Pixar Phones It in With the Unnecessary Sequel 'Cars 2'

If ever a movie studio could be deemed a national treasure, then Pixar is it—the undeniable heir to Disney's halo of beloved pop-culture profiteering. Since introducing the digitally animated feature film in 1995 with Toy Story, John Lasseter and company have created some of the most memorable characters and stories in family cinema (or maybe just cinema), combining them with superlative design and lively animation. For such wonderful entertainment (and for re-energizing an entire industry), we can't help but root for the studio, hoping they'll continue their run of critical and commercial hits. They truly deserve every nickel off of every Buzz Lightyear action figure ever sold.

But, geez, Cars 2 is dull stuff.

It's the kind of sequel that a lesser studio (much lesser, in the case of DreamWorks) would stamp out to please its investors rather than its audience. Technically proficient with its highly detailed settings and carefully rendered characters, Cars 2 nevertheless lacks the storytelling prowess that has been Pixar's true ace in the hole—it's entirely lacking in the emotional resonance of its predecessors. Worse, it was directed (via iPad, no less) by the chief creative officer of Pixar Animation Studios, Walt Disney Animation Studios, and Disney Toon Studios himself, Lasseter. How could this be?

Well, I don't think it's merely the result of outright greed, which is usually the case for massively hyped sequels. Granted, the original Cars has generated some $10 billion in retail sales since its 2006 release, and its sequel has already sent 300 different tie-in products to assembly lines, but Pixar and Lasseter have always aimed higher, making a good story their first goal. I believe the real problem here is one of hubris—they genuinely thought they were doing something great, because, well, that's what they always do. But Cars 2 is just a retread.

The warning signs come early enough. First, there's the improbable genre mashup, the first resort of hack screenwriters who don't know what to do next. Stymied by how to revisit the same ol' characters? Change the scenery. Put them in A.) a science-fiction story (spaceships!), B.) a horror story (haunted mansions!), or C.) a race (cars! oh, wait...). In this case, our cast of sentient automobiles has been injected into a James Bond-style spy caper. Lightning McQueen (Owen Wilson) is lured into competing at the World Grand Prix in order to demonstrate the reliability of a new alternative fuel developed by former oil tycoon Miles Axlerod (Eddie Izzard). However, at their first stop in Tokyo, country bumpkin sidekick Mater (Larry the Cable Guy) is mistaken for an American secret agent by British spy car Finn McMissile (Michael Caine), who is trying to uncover a conspiracy involving evil scientist Professor Zündapp (Thomas Kretschmann). Let the hilarity commence!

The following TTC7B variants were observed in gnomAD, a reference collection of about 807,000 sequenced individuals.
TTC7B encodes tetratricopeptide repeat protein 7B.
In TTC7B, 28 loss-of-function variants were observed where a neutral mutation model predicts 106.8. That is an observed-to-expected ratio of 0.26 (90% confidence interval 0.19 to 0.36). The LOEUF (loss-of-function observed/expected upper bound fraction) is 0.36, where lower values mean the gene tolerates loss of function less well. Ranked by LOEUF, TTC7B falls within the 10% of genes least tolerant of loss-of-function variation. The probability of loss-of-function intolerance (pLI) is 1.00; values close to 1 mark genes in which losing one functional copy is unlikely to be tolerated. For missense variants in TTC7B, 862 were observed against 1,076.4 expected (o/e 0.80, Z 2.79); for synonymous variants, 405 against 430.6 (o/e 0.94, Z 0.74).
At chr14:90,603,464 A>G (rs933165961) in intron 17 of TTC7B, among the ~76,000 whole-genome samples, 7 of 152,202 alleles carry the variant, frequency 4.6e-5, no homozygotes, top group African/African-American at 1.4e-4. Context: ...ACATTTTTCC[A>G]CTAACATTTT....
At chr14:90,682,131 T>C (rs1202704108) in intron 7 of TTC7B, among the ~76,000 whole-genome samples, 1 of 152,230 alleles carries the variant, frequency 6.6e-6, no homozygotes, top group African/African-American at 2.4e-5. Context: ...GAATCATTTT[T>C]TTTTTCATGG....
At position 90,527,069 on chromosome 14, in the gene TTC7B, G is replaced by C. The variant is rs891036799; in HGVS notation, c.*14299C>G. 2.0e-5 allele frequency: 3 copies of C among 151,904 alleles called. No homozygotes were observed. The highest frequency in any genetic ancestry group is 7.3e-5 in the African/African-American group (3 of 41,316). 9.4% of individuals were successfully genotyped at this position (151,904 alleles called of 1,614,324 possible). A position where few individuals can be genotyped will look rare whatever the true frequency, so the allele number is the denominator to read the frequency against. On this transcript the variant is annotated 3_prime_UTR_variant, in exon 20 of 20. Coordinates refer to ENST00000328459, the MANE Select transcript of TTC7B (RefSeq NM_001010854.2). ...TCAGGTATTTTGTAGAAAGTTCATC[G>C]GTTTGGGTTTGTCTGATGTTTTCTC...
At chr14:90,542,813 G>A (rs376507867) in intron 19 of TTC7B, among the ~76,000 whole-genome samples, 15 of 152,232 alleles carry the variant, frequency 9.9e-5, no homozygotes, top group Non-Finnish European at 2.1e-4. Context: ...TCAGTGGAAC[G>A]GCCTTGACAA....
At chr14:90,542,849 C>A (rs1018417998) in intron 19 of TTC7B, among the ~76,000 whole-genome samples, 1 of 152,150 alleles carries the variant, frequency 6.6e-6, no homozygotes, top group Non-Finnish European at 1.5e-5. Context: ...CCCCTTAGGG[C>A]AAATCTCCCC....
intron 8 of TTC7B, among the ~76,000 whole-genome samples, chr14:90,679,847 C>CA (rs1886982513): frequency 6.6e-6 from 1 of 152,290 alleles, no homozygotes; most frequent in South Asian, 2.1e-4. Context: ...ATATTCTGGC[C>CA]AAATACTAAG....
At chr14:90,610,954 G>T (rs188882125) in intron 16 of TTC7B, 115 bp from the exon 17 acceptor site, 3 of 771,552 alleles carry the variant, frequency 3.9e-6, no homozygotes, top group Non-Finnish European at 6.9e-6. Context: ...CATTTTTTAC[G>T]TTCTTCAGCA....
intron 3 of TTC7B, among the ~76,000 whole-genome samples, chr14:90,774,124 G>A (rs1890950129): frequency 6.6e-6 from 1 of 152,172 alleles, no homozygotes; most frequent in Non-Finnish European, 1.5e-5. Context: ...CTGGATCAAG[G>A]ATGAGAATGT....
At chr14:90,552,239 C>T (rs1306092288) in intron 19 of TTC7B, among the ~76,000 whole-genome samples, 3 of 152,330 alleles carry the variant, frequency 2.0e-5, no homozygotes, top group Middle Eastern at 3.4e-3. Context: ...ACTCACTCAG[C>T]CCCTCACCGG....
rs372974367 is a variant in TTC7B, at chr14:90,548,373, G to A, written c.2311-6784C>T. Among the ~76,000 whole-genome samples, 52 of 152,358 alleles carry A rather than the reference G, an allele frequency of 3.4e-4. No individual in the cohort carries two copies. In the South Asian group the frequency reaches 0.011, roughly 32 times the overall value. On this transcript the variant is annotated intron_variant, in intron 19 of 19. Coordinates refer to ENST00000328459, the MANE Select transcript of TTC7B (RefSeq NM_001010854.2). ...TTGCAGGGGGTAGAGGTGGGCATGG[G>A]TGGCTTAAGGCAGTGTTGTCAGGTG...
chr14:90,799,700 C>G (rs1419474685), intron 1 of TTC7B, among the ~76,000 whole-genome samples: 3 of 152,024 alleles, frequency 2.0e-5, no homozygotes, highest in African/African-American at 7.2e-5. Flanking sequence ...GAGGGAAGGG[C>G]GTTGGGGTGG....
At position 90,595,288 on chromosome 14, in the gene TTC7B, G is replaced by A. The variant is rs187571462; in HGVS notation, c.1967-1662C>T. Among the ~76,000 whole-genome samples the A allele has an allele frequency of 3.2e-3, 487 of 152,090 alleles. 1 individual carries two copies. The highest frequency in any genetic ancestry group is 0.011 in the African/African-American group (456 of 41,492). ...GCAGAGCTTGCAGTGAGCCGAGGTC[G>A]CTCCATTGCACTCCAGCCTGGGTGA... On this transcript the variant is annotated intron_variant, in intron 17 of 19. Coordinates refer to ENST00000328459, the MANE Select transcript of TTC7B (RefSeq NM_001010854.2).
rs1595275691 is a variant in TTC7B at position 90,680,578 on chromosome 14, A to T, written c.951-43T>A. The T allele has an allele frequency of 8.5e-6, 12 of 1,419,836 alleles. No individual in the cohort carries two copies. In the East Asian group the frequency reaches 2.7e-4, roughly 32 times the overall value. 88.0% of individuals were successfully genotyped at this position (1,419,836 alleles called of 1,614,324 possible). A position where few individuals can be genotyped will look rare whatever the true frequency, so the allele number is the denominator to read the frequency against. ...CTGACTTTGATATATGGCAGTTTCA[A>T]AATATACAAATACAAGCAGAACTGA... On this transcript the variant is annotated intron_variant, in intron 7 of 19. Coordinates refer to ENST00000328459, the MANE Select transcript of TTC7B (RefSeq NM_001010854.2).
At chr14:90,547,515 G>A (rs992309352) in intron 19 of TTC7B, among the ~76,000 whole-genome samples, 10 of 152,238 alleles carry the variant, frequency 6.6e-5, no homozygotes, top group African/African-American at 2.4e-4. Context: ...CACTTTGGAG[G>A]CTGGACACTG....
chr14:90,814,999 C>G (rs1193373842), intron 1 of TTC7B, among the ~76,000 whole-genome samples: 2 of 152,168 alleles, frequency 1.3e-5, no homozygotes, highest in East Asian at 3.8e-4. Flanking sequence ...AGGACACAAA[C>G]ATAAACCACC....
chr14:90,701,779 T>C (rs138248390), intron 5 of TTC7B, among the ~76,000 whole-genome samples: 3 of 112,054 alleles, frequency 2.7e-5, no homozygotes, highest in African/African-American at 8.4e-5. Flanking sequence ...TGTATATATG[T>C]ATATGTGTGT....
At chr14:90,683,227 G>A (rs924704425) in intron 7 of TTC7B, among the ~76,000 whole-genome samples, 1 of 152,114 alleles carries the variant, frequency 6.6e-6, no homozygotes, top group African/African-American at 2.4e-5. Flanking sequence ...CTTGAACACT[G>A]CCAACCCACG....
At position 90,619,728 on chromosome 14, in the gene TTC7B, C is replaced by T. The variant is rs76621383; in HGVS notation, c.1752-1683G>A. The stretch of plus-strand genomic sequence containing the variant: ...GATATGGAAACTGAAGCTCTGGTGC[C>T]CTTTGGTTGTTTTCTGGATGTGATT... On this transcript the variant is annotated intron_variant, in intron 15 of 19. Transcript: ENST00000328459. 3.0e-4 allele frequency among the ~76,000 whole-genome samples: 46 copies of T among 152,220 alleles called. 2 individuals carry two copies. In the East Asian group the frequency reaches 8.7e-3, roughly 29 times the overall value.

Therein lie the second and third warning signs of scriptwriter desperation: A plot so improbable that you can't believe it and a story so convoluted that you can't follow it. So McMissile's an international spy so savvy that he's voiced by Caine, yet he staunchly believes the dorky Mater is a master of disguise, despite his constant protests of just being a tow truck from Radiator Springs? Really? And the central conspiracy is actually part of yet another, even bigger conspiracy that makes even less sense? Huh? By the end of Cars 2, much of its intended audience of children will be confused or bored. (Verified review by one 5-year-old boy immediately after seeing it: "Eh. I don't know.")

Finally, you must ask yourself: Can you stand Mater enough to watch an entire movie that's mostly about his doofiness? I'm sure Lasseter felt that in Mater he has an everyman we can all relate to, a hero who could express the reliable Pixar themes of overcoming adversity with the help of your friends. But the emotional underpinnings that Pixar is so good at designing into their stories seem retrofitted here. One can only imagine the script meeting: "Well, okay, we've made Mater an action-hero spy. How is that meaningful?" "I know! Let's have him be doubtful about his abilities as a spy!" "We can add a speech about how important it is to believe in yourself, even if you've never defeated a master villain before in your life..." "Done!"

Despite all that, Cars 2 still displays some classic Pixar smarts. Lasseter clearly loves cars, and the world he has fashioned for his car characters is resoundingly complete, from the bizarre Japanese car restroooms to the cargoyles crowning Notre Dame. Each car model used in the movie reflects its "character" as we know it in the real world. The fact that the evil minions of the movie's not-so-mysterious villain are composed mostly of AMC Pacers and Gremlins is a hoot. And the final tip-off to the villain's true identity at film's end is a clue that only a car fanatic can truly appreciate.

In the end, Cars 2 is still a few notches better than most of its competitors in the digital animation realm. But rival studios (yes, even DreamWorks) have finally been getting it right, with movies that are no longer just imitations of the Pixar formula, but great films in their own right: How to Train Your Dragon, Megamind, Despicable Me, and more recently Kung Fu Panda 2. With the news that Pixar is busy at work on a Monsters Inc. sequel, we can only hope they learned a few lessons from Cars 2.